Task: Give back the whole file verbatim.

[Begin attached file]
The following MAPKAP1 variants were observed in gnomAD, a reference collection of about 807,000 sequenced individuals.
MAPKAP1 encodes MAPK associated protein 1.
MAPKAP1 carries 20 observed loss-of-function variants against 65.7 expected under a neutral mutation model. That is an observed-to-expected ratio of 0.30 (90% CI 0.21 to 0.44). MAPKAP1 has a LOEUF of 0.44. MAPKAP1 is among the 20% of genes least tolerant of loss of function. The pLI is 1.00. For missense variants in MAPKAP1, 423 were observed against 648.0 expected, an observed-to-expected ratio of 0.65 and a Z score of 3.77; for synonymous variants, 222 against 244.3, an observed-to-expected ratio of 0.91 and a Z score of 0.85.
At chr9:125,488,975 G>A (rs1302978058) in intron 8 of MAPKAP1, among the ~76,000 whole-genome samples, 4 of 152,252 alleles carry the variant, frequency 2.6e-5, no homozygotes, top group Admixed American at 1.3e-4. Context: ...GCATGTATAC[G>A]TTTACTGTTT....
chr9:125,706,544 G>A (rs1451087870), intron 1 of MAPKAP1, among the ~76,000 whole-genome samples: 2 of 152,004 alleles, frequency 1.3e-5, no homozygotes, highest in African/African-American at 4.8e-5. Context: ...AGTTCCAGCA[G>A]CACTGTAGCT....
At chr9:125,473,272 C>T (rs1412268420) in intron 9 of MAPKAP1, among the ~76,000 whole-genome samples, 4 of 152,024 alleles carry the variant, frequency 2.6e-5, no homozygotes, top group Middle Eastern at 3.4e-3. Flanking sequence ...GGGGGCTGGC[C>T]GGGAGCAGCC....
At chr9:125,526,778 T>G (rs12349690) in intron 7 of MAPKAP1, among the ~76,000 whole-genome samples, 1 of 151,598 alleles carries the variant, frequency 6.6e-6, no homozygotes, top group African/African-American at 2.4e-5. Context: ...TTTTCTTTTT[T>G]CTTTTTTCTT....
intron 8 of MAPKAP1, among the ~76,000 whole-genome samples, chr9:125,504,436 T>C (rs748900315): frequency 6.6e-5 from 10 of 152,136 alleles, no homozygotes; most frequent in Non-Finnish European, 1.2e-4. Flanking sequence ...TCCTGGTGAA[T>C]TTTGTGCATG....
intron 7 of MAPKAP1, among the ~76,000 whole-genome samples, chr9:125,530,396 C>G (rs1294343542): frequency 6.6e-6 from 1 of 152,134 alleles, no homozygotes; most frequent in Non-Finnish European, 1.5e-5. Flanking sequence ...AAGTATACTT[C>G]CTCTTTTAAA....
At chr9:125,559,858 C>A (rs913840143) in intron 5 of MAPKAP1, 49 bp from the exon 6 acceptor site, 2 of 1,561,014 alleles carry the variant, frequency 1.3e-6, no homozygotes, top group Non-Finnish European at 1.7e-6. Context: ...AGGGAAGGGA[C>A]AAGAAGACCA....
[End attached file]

The following MAPKAP1 variants were observed in gnomAD, a reference collection of about 807,000 sequenced individuals.
MAPKAP1 encodes MAPK associated protein 1.
MAPKAP1 carries 20 observed loss-of-function variants against 65.7 expected under a neutral mutation model. That is an observed-to-expected ratio of 0.30 (90% CI 0.21 to 0.44). MAPKAP1 has a LOEUF of 0.44. MAPKAP1 is among the 20% of genes least tolerant of loss of function. The pLI is 1.00. For missense variants in MAPKAP1, 423 were observed against 648.0 expected, an observed-to-expected ratio of 0.65 and a Z score of 3.77; for synonymous variants, 222 against 244.3, an observed-to-expected ratio of 0.91 and a Z score of 0.85.
At chr9:125,488,975 G>A (rs1302978058) in intron 8 of MAPKAP1, among the ~76,000 whole-genome samples, 4 of 152,252 alleles carry the variant, frequency 2.6e-5, no homozygotes, top group Admixed American at 1.3e-4. Context: ...GCATGTATAC[G>A]TTTACTGTTT....
chr9:125,706,544 G>A (rs1451087870), intron 1 of MAPKAP1, among the ~76,000 whole-genome samples: 2 of 152,004 alleles, frequency 1.3e-5, no homozygotes, highest in African/African-American at 4.8e-5. Context: ...AGTTCCAGCA[G>A]CACTGTAGCT....
At chr9:125,473,272 C>T (rs1412268420) in intron 9 of MAPKAP1, among the ~76,000 whole-genome samples, 4 of 152,024 alleles carry the variant, frequency 2.6e-5, no homozygotes, top group Middle Eastern at 3.4e-3. Flanking sequence ...GGGGGCTGGC[C>T]GGGAGCAGCC....
At chr9:125,526,778 T>G (rs12349690) in intron 7 of MAPKAP1, among the ~76,000 whole-genome samples, 1 of 151,598 alleles carries the variant, frequency 6.6e-6, no homozygotes, top group African/African-American at 2.4e-5. Context: ...TTTTCTTTTT[T>G]CTTTTTTCTT....
intron 8 of MAPKAP1, among the ~76,000 whole-genome samples, chr9:125,504,436 T>C (rs748900315): frequency 6.6e-5 from 10 of 152,136 alleles, no homozygotes; most frequent in Non-Finnish European, 1.2e-4. Flanking sequence ...TCCTGGTGAA[T>C]TTTGTGCATG....
intron 7 of MAPKAP1, among the ~76,000 whole-genome samples, chr9:125,530,396 C>G (rs1294343542): frequency 6.6e-6 from 1 of 152,134 alleles, no homozygotes; most frequent in Non-Finnish European, 1.5e-5. Flanking sequence ...AAGTATACTT[C>G]CTCTTTTAAA....
At chr9:125,559,858 C>A (rs913840143) in intron 5 of MAPKAP1, 49 bp from the exon 6 acceptor site, 2 of 1,561,014 alleles carry the variant, frequency 1.3e-6, no homozygotes, top group Non-Finnish European at 1.7e-6. Context: ...AGGGAAGGGA[C>A]AAGAAGACCA....